“You walk into the room with a pencil in your hand...”
~ Bob Dylan, Ballad of a Thin Man
A reprieve of stillness mercifully interrupted the day’s chaos. With notebook and pencil in hand, I sought the quiet sanctuary of an empty office. After having started writing, it became obvious to me that nothing cohesive was materializing. But I kept noting words- even if some of them were about feeling devoid of anything to say. I wanted some new thoughts, but that hour offered no written developments. So that’s exactly what I wrote. After returning home from work that night, those bedraggled words re-appeared as I opened my journal again. It seemed I’d been foraging for glowing embers using a pencil. It happens, ungratifying as that can be. The aspect for which I do express gratitude is for knowing to reach. Even a few scribbled sentences reveals forward motion.
Throughout this recent season of Advent and Epiphany, I’ve travelled to parishes throughout the region, providing music and creating contemplative spaces. Last Sunday night, during the long meditative silence, I glanced up from my sheet music to the front of the sanctuary. Lit only by scattered flickering candles, warm-toned icons met my gaze. These are the same icons that I’ve hefted across thousands of miles, beginning in Taizé, France. Occasionally, I am surprised by the austere mystery on the painted figures and faces. The Spirit invites. Such images are not sources, but brilliant reflections of light that confounds the dark. If darkness is prelude to light, then I must consider my failings and frustrations as prefatory to discovering.
Consider how a physical space appears transformed in our eyes, as our perceptions evolve. The same venue that witnessed anguished desperation can be the setting for elated recognition. Contrasting connotations can be noted anywhere: a café, a busy street, a schoolyard, a workplace, a room in a house. My apartment has been something of a stage for human drama. A downtown diner has been a repeating backdrop for scribing trepidations and for calligraphic catharses alike. Noting how a space is transfigured is to recognize changed realities perceived.
Amidst this reach for understanding is the unfathomable mystery of the origin of light. From there follows the wonder of how a spirit can be re-ignited. If to discover is epiphany, then to arrive is to be present: to alight. The act of alighting is to descend from one place and come to rest in another. Perhaps there is something to note, in my journey, about coming to terms with the Source of life without having seen the Eternal. In Tauler’s exhortation to endure in good cheer, we are to abound in good works for God’s sake. “And then,” he wrote, “shall you be made partakers of overflowing measure that runneth over on all sides.” This alighting touch of grace reaches the brimming human vessel, which “pours itself back again into its Divine source, from whence it has proceeded." In Tauler's description of this mystery, "all knowledge, love, perception are all swallowed up and lost in God, and become one with God." This grandeur challenges my own belief, in that it is more than I think I should ever expect. But perhaps that wouldn't be reaching as I ought. While trying to comprehend these things, why not keep working and keep the pencil moving on the page?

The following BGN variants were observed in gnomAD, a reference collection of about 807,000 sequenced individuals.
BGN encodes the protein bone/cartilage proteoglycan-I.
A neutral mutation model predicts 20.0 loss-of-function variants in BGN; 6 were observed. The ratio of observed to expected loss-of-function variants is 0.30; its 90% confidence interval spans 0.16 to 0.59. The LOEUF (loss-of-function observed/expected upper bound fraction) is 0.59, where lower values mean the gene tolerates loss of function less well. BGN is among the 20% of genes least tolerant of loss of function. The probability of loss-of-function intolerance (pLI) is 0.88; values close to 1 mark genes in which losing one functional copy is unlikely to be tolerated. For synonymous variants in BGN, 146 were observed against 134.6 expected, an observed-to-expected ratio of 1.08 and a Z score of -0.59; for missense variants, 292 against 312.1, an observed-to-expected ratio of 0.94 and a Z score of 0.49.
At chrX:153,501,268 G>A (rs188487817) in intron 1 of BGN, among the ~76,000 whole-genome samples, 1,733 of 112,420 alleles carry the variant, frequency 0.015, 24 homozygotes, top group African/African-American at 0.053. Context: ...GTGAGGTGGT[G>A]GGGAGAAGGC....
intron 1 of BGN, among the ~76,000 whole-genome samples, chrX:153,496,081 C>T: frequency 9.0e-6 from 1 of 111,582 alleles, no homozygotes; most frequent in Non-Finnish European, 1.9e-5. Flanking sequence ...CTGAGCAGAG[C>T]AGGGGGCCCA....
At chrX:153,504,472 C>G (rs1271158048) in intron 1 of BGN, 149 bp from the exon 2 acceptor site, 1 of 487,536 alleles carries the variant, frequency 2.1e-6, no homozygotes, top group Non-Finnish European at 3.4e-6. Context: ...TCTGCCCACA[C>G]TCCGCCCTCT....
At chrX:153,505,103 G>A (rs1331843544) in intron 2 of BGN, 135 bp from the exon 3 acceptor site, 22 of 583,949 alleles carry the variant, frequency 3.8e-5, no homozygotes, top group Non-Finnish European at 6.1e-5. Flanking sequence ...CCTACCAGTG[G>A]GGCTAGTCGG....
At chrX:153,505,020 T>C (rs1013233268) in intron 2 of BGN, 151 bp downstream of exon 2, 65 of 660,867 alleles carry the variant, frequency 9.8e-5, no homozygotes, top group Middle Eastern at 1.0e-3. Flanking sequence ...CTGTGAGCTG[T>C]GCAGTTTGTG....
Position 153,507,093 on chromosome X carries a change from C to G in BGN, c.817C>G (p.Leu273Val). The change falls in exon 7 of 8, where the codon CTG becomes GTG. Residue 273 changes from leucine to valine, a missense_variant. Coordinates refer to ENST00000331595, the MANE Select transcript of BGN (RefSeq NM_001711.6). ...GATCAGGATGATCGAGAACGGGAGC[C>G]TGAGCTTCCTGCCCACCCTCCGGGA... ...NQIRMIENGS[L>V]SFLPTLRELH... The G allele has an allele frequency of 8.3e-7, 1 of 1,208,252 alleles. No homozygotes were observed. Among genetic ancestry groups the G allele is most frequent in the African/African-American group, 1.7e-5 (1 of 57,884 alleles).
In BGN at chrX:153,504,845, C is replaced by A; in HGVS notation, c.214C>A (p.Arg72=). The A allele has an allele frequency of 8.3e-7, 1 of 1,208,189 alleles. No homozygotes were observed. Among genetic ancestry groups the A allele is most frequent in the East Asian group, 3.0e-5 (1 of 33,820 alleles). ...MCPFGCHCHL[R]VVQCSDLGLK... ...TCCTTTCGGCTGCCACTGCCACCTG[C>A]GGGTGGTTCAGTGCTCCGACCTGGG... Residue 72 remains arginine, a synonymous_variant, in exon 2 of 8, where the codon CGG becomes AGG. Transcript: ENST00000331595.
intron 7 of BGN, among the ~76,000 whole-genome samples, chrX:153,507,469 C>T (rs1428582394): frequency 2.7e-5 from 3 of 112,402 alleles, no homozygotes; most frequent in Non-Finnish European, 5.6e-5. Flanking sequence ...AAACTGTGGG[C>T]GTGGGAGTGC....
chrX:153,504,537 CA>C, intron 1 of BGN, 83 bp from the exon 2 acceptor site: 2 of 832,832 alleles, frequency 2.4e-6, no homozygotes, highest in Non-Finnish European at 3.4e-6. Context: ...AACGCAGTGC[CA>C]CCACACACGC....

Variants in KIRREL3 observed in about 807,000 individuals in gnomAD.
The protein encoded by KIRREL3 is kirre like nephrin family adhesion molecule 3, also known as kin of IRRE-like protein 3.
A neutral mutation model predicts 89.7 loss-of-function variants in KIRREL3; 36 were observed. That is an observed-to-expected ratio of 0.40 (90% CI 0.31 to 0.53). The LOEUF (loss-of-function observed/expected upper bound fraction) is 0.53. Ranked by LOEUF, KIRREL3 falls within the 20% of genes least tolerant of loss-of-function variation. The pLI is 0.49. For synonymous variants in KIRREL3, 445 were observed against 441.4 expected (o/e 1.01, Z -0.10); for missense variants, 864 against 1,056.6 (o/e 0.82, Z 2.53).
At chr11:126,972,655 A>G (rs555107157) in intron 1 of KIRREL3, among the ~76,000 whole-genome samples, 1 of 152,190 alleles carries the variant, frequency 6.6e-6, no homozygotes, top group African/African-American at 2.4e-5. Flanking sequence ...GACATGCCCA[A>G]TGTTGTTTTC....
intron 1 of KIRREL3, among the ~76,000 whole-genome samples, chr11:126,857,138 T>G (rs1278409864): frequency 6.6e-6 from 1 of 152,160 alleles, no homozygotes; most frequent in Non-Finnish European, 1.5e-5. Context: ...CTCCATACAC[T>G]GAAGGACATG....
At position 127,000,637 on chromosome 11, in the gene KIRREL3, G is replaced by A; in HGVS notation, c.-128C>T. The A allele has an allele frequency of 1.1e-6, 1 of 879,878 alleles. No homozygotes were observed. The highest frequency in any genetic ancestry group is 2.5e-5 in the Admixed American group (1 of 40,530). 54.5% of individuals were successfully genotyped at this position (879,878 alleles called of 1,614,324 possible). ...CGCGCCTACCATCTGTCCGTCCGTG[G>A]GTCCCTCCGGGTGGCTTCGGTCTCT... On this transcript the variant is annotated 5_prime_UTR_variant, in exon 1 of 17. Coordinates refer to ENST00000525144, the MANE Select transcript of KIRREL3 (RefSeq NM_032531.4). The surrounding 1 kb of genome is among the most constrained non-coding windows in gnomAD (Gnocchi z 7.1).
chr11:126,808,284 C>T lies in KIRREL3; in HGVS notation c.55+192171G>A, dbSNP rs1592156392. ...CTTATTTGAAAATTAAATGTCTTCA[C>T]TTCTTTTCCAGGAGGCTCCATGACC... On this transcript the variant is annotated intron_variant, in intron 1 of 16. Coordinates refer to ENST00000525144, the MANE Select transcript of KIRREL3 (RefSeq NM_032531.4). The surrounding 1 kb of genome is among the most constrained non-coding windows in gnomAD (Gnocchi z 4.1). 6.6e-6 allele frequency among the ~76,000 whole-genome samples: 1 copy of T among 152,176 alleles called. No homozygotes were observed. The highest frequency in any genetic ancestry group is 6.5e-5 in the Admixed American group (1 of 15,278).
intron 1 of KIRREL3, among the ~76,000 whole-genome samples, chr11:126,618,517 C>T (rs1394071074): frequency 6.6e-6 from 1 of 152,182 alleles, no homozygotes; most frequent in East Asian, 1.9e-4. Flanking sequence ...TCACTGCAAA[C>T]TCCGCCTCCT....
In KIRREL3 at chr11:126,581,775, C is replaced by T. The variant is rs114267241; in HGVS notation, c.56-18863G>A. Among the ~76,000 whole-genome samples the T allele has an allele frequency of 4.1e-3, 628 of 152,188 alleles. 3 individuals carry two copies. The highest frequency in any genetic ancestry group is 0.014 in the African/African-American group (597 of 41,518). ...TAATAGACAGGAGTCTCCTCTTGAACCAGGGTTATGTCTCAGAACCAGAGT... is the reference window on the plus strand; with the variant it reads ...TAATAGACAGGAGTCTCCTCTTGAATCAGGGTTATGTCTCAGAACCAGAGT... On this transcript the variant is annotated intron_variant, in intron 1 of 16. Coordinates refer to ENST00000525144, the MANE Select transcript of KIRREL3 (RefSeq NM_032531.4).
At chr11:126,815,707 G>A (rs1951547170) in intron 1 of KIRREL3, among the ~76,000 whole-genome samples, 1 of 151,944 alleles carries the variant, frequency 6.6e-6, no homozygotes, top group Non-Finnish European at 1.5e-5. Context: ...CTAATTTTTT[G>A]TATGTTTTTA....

A good friend of mine is a historian of tool-makers and their utilitarian creations. His enthusiasm and expertise has breathed new life into our local Charitable Mechanics' Association- which dates back to Colonial times. Our friendship inspires in both directions. I am becoming attuned to the old ways of production, and he now uses antique typewriters. One day, as I spoke of the "tools of the spiritual life," he quipped, "you've said it all right there. Tools are spiritual." Indeed, we speak in two different senses of the word: implementation of a practice and the physical implements themselves. Surely, the actual tools of the writer (along with the builder and the mechanic) deserve their due. With these writing instruments at our ready, we experience the miraculous- and can create documentation.
As with light, our documenting tools help us liberate our thoughts, our stories, and our voyages. I have seen the worth of keeping the pencil moving- even while reaching and straining for description. And the tools do accommodate, no matter how cold; graphite cannot freeze. These exterior sub-zeroes teach us the value of continual movement. In time, the frozen granite steps will be bathed in spring rains and adorned with ivy.